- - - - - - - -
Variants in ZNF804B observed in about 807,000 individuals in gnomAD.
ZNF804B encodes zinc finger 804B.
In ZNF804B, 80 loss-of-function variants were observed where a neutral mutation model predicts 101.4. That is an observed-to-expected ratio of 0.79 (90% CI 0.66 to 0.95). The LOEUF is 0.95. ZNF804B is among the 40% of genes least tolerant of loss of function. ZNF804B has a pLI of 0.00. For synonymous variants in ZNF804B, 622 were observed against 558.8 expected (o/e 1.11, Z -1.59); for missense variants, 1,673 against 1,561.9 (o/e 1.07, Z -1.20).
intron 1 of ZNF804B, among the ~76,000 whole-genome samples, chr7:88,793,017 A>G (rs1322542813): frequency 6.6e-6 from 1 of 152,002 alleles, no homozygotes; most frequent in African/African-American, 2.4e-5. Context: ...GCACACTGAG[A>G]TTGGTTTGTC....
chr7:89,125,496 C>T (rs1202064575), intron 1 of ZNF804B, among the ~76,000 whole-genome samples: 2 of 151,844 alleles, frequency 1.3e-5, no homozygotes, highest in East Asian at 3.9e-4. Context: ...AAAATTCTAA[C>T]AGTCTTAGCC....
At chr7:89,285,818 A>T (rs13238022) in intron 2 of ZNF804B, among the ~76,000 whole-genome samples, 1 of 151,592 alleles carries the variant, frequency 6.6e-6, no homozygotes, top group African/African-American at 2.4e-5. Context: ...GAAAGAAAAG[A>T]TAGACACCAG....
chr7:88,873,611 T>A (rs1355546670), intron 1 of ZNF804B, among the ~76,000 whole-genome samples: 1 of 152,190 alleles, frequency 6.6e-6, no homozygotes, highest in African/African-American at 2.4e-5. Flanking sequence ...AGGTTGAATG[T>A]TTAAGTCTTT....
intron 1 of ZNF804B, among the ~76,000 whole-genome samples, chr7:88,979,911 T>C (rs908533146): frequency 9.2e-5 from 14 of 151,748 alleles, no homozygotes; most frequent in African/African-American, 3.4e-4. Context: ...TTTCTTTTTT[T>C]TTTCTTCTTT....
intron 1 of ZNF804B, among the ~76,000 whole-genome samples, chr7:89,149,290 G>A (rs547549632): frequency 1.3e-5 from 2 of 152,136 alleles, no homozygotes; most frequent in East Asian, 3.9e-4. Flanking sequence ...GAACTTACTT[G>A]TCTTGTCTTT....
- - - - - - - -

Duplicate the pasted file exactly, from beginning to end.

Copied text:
Variants in ZNF804B observed in about 807,000 individuals in gnomAD.
ZNF804B encodes zinc finger 804B.
In ZNF804B, 80 loss-of-function variants were observed where a neutral mutation model predicts 101.4. That is an observed-to-expected ratio of 0.79 (90% CI 0.66 to 0.95). The LOEUF is 0.95. ZNF804B is among the 40% of genes least tolerant of loss of function. ZNF804B has a pLI of 0.00. For synonymous variants in ZNF804B, 622 were observed against 558.8 expected (o/e 1.11, Z -1.59); for missense variants, 1,673 against 1,561.9 (o/e 1.07, Z -1.20).
intron 1 of ZNF804B, among the ~76,000 whole-genome samples, chr7:88,793,017 A>G (rs1322542813): frequency 6.6e-6 from 1 of 152,002 alleles, no homozygotes; most frequent in African/African-American, 2.4e-5. Context: ...GCACACTGAG[A>G]TTGGTTTGTC....
chr7:89,125,496 C>T (rs1202064575), intron 1 of ZNF804B, among the ~76,000 whole-genome samples: 2 of 151,844 alleles, frequency 1.3e-5, no homozygotes, highest in East Asian at 3.9e-4. Context: ...AAAATTCTAA[C>T]AGTCTTAGCC....
At chr7:89,285,818 A>T (rs13238022) in intron 2 of ZNF804B, among the ~76,000 whole-genome samples, 1 of 151,592 alleles carries the variant, frequency 6.6e-6, no homozygotes, top group African/African-American at 2.4e-5. Context: ...GAAAGAAAAG[A>T]TAGACACCAG....
chr7:88,873,611 T>A (rs1355546670), intron 1 of ZNF804B, among the ~76,000 whole-genome samples: 1 of 152,190 alleles, frequency 6.6e-6, no homozygotes, highest in African/African-American at 2.4e-5. Flanking sequence ...AGGTTGAATG[T>A]TTAAGTCTTT....
intron 1 of ZNF804B, among the ~76,000 whole-genome samples, chr7:88,979,911 T>C (rs908533146): frequency 9.2e-5 from 14 of 151,748 alleles, no homozygotes; most frequent in African/African-American, 3.4e-4. Context: ...TTTCTTTTTT[T>C]TTTCTTCTTT....
intron 1 of ZNF804B, among the ~76,000 whole-genome samples, chr7:89,149,290 G>A (rs547549632): frequency 1.3e-5 from 2 of 152,136 alleles, no homozygotes; most frequent in East Asian, 3.9e-4. Flanking sequence ...GAACTTACTT[G>A]TCTTGTCTTT....